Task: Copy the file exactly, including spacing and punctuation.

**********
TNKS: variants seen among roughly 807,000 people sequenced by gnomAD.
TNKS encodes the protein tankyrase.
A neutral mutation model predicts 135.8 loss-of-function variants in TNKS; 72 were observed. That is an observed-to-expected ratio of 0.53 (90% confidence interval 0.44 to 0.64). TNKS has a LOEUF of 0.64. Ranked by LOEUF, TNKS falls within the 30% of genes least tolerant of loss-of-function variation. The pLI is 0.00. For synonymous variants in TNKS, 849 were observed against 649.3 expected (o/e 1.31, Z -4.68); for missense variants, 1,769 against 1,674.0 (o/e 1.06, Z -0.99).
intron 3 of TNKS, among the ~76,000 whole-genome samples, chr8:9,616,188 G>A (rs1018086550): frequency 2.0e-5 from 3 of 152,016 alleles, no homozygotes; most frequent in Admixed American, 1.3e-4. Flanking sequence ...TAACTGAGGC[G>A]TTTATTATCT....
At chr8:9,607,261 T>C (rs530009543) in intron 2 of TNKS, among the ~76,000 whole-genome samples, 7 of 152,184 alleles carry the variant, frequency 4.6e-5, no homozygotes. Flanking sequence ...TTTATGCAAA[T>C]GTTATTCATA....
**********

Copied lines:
TNKS: variants seen among roughly 807,000 people sequenced by gnomAD.
TNKS encodes the protein tankyrase.
A neutral mutation model predicts 135.8 loss-of-function variants in TNKS; 72 were observed. That is an observed-to-expected ratio of 0.53 (90% confidence interval 0.44 to 0.64). TNKS has a LOEUF of 0.64. Ranked by LOEUF, TNKS falls within the 30% of genes least tolerant of loss-of-function variation. The pLI is 0.00. For synonymous variants in TNKS, 849 were observed against 649.3 expected (o/e 1.31, Z -4.68); for missense variants, 1,769 against 1,674.0 (o/e 1.06, Z -0.99).
intron 3 of TNKS, among the ~76,000 whole-genome samples, chr8:9,616,188 G>A (rs1018086550): frequency 2.0e-5 from 3 of 152,016 alleles, no homozygotes; most frequent in Admixed American, 1.3e-4. Flanking sequence ...TAACTGAGGC[G>A]TTTATTATCT....
At chr8:9,607,261 T>C (rs530009543) in intron 2 of TNKS, among the ~76,000 whole-genome samples, 7 of 152,184 alleles carry the variant, frequency 4.6e-5, no homozygotes. Flanking sequence ...TTTATGCAAA[T>C]GTTATTCATA....